A lot or a little?
The parents' guide to what's in this book.
What parents need to know
Parents need to know that Spontaneous is packed with swearing, gory scenes, drug use, and sexual activity. It's also smart, wry, and wickedly funny, a sure hit with teens who find absurdity in the everyday. Written by Aaron Starmer, it's for much older readers than his Riverman trilogy. The story literally starts with a bang -- when the first student explodes in class, drenching classmates and the walls with blood. As the body count grows, the teen narrator copes by taking increasing amounts of drugs, drinking heavily, and engaging in a lot of sexual activity with her boyfriend. Background stories include a teen bullied so extensively she moved, and another who left when she became pregnant with triplets. As the school and larger community break down, some students openly drink and use drugs in the classroom. Class members are shunned and feared, and one is shot and killed by neighbors.
- Parents say
- Kids say
There aren't any reviews yet. Be the first to review this title.
What's the story?
When Katelyn Ogden explodes at the start of SPONTANEOUS, people assume it's an isolated event. But then another student bursts in front of Mara and other traumatized students in therapy, and a third blows up at a football game. Soon Covington High is closed, the community is in shambles, and the government rolls into town. Is it terrorism, witchcraft, a government plot? Mara, meanwhile, is trying to figure out how to cope with the very real possibility that she -- and anyone else -- could die at any moment. She throws herself into an intense romance with Dylan, drinks and takes drugs, and marvels at her best friend, Tess, who keeps up with AP coursework and stays focused on planning for a future Mara fears will never play out.
Is it any good?
"Sieze the day" takes on new meaning in this twisted tale of high school seniors exploding unpredictably, leaving bloody body parts in their wake and triggering shock waves of fatalistic behavior. Mara, the self-centered, wry narrator of Spontaneous, reacts to the disaster around with a mix of freeing, adolescent pleasure-seeking and aggressively self-destructive behavior. Fear, guilt, excitement, and anger create a toxic brew.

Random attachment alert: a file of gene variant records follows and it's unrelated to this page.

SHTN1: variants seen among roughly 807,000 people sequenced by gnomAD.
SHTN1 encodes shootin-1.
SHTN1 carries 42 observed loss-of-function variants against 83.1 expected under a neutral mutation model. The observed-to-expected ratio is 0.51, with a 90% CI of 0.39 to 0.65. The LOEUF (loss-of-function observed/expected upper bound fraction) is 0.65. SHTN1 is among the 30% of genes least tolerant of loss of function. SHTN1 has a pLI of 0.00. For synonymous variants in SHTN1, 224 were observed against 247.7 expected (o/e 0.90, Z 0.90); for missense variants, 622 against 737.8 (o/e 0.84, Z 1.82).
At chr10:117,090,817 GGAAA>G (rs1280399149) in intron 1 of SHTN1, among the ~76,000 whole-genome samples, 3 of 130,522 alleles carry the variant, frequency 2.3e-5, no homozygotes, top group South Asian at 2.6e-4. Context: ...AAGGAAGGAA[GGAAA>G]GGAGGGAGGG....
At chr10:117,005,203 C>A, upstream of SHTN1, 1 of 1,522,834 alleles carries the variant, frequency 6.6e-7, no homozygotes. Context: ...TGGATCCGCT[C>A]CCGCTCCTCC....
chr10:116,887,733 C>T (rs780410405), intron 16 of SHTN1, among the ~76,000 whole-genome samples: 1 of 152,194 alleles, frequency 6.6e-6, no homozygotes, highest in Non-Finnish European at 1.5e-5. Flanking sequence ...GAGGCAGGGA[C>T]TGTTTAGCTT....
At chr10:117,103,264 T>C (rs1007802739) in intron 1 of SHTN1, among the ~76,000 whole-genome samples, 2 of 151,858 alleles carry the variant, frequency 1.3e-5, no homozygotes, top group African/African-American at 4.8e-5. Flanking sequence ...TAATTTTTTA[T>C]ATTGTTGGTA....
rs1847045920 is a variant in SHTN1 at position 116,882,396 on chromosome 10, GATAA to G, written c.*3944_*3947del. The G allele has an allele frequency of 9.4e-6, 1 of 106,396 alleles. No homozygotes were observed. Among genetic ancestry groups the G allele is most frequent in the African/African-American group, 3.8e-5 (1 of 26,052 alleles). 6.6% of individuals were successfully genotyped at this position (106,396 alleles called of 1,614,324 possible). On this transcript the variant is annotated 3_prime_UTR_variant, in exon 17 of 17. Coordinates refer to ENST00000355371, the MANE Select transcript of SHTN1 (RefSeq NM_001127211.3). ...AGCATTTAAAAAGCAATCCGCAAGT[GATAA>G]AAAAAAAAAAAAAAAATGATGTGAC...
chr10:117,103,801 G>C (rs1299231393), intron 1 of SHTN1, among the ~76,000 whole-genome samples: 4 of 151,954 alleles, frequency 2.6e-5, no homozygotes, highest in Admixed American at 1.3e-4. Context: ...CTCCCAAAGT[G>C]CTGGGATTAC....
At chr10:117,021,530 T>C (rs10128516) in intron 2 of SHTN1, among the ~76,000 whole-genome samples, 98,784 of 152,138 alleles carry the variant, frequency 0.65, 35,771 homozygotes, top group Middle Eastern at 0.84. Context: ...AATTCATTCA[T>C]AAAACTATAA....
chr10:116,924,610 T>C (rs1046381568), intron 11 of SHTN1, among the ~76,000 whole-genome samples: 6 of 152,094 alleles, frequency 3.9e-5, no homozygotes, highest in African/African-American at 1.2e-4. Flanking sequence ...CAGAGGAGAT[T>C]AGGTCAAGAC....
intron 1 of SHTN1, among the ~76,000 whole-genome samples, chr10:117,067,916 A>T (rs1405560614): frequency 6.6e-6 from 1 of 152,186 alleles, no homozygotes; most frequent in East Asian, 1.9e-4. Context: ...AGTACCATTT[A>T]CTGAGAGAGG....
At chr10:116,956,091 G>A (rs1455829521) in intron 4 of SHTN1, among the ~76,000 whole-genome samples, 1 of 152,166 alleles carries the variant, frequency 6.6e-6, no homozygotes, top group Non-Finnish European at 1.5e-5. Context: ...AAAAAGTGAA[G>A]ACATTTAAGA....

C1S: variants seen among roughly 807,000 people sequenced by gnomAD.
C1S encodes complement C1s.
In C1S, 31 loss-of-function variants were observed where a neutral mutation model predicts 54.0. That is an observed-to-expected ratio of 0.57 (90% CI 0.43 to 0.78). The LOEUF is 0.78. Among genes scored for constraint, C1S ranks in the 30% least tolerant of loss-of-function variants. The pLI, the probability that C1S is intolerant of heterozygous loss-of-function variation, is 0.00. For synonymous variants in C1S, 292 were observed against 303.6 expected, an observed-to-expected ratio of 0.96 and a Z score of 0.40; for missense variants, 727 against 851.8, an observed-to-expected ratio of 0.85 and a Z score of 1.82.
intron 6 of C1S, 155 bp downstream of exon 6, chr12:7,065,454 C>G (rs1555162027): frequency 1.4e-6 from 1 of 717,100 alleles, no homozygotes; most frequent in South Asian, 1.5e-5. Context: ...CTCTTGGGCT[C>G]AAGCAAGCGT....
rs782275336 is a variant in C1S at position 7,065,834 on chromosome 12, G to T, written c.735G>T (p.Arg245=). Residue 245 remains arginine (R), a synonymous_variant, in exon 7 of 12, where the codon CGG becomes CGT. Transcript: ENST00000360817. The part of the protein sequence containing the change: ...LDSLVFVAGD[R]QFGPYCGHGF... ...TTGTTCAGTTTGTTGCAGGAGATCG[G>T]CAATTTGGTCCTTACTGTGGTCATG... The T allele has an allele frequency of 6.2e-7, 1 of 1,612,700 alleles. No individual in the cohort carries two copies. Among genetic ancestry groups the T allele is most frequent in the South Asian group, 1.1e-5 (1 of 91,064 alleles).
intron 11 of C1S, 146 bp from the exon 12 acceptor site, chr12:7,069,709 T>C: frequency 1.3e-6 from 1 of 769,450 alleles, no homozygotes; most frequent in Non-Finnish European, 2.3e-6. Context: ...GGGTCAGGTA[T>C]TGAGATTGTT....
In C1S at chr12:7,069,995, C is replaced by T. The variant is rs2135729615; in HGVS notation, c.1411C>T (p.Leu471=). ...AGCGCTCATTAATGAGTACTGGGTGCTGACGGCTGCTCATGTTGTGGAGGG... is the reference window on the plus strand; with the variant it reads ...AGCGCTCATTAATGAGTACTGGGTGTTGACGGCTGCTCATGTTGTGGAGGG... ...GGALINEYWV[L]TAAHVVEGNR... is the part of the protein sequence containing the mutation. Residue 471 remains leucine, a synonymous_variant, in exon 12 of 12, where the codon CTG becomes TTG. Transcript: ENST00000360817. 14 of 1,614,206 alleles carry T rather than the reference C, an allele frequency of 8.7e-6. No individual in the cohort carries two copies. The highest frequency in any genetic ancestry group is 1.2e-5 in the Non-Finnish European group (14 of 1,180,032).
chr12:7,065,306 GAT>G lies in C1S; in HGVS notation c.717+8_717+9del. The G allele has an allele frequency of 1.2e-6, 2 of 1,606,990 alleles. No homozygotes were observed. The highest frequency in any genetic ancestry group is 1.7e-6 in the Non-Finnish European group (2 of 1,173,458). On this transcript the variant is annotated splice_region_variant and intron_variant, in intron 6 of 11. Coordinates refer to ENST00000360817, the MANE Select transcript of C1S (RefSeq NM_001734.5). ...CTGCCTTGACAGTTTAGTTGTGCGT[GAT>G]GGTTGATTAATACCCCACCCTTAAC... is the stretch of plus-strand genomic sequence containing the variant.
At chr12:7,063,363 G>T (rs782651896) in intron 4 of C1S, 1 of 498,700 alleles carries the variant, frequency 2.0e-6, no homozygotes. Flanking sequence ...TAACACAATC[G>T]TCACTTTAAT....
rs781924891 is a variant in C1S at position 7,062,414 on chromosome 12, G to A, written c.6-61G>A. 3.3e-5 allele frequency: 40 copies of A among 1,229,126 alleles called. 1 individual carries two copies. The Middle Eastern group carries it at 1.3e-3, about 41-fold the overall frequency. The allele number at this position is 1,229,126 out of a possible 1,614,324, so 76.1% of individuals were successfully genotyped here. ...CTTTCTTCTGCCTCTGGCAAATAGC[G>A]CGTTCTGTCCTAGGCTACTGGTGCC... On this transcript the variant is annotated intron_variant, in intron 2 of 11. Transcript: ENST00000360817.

Worried parents, concerned teachers, an FBI agent, and other adults want to help the unmoored students but are at a loss, unable to provide real aid or wise guidance. So the teens are abandoned to do as they see fit -- including serving alcohol at prom and taking drugs during sparsely attended classes. Some plot threads show more promise than they deliver and the ending offers no neat resolutions, muddying the book's message. But such is life.
Talk to your kids about ...
Families can talk about the amount of language, sex, violence, and substance abuse in Spontaneous. Do you think it's portrayed in an appealing or negative light? Is it realistic? Appropriate?
Mara falls headlong into hedonism as her classmates disappear. Do you think her behavior helps or harms her ability to cope with what's happening?
Do you worry about losing friends as you head off to college and your adult future?
- Author: Aaron Starmer
- Genre: Coming of Age
- Topics: Friendship, High School
- Book type: Fiction
- Publisher: Dutton Books
- Publication date: August 23, 2016
- Publisher's recommended age(s): 14 - 18
- Number of pages: 368
- Available on: Nook, Audiobook (unabridged), Hardback, iBooks, Kindle
- Last updated: June 19, 2019
Themes & Topics
Browse titles with similar subject matter.
For kids who love hororr and high school
Our editors recommend
Top advice and articles
Common Sense Media's unbiased ratings are created by expert reviewers and aren't influenced by the product's creators or by any of our funders, affiliates, or partners.